Walk in or walk on

(04 July 2018) – When I left Facebook in March, I had close to 500 contacts. Facebook calls them my friends, which I find annoying. I wouldn’t shout out “hey, how’s it going, eh?” if I saw one walking down the other side of the street. I wouldn’t recognize most if I did see them in the flesh. But still. There were 500 people reading what I wrote. Five hundred people going weak in the knees at the sight of a cute photograph of my dog. Five hundred people anxiously waiting for me to tell them what I think.

The idea was to get away from Facebook and concentrate on my own web site, the repository of my writing and photographs. I have built it up to the staggering number of 20 subscribers. Sometimes, my wife shares my blog posts on her Facebook page and they radiate out from there. I usually post them onto my Twitter account where I have 18 followers, many of whom are also subscribers to the blog.

The reality is a bit more numerous than this. Yesterday 162 people viewed my site and today, there have been 128 by 7:45 pm. The best day was May 10 when I had 383 views. That was when I posted about James Paxton’s no-hitter against the Blue Jays.

It’s a bit precious for me to stand aloof from Facebook and encourage other people to share my columns on their pages. It’s sort of like deciding I need a new thingamabob and noticing that WalMart has some on sale. I won’t shop there so I give you the cash and ask you to go in and get it for me. Not an honourable thing to do. Not something I should do.

So. Should I continue to give Zuckerberg the cold shoulder, or should I quietly walk back to where the people are?

It’s time to step up or step back, walk in or walk on.


  1. Additional consideration on that James Paxton May 10th tsunami of views… does wordpress indicate 383 views OR 383 viewers. I know that some days I view your column at least two or three times. If the highs were “just views” rather than unique visitors that would be even more of a impetus to step back on Zuckerberg’s face.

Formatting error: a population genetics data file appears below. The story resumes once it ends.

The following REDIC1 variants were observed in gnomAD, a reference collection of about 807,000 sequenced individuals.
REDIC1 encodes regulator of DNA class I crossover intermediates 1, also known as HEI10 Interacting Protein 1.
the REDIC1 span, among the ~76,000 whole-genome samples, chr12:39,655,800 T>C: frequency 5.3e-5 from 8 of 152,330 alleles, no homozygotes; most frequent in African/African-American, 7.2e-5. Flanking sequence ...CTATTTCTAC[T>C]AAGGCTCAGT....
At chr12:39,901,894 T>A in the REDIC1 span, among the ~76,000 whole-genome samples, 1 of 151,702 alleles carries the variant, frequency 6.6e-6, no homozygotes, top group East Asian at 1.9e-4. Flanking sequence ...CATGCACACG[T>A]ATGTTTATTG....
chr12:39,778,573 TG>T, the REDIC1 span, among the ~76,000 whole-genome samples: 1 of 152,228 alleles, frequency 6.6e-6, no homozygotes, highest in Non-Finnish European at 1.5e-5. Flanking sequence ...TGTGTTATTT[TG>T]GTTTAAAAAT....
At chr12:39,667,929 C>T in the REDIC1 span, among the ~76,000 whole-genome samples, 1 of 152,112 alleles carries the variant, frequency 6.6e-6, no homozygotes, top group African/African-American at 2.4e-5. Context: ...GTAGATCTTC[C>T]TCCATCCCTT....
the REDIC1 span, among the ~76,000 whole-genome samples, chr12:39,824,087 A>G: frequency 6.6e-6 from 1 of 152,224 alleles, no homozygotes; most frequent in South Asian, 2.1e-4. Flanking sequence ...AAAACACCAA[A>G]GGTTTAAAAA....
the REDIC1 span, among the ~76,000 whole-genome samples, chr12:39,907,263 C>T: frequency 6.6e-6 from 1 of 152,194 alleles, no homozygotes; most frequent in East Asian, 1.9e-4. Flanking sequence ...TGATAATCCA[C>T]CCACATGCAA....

When I signed onto facebook more than a decade ago I lasted only a month before it irritated me sufficiently to take the walk away. I stayed away briefly and then decided the problem was I had not sufficiently learned how to control my participation and my use of the editing features. Since then I simply accept it all as much the same as navigating concrete sidewalks, paying attention to traffic lights, choosing my poison (milk, yogurt, eggs) at Minh’s Variety aka Kitty Cafe on Wyndham Street and a range of other adjustments.
    In facebook I only check newsfeed when I feel like it and I approach my “wall” with the same hat on I used to wear when editing or publishing magazines rather than as my substitute for personal interaction with other humanoids. And once a week I play Joni’s big yellow taxi to remind of times before Zuckerberg and others paved over the internet.
    PS. if someone or other occasionally posts irritating or unacceptable (to me) comment on an item on my wall I just delete and/or unfriend and/or block. Then when accused of censorship just reply “yep, my house my rules”.

    1. Author

      I’m not sure. I doubt they are all unique views, but I’ll dig a bit deeper now. The more interesting piece is the number of people who engage by making comments. and how many register to get the columns by e-mail. Lots of room for growth on both counts.

  2. for what my opinion is worth, I believe that staying one step removed from Facebook serves you better. It’s a slow climb to gain more readers, but as your readership expands, they will repost and those of their ‘friends’ who are interested will self direct to your blog.

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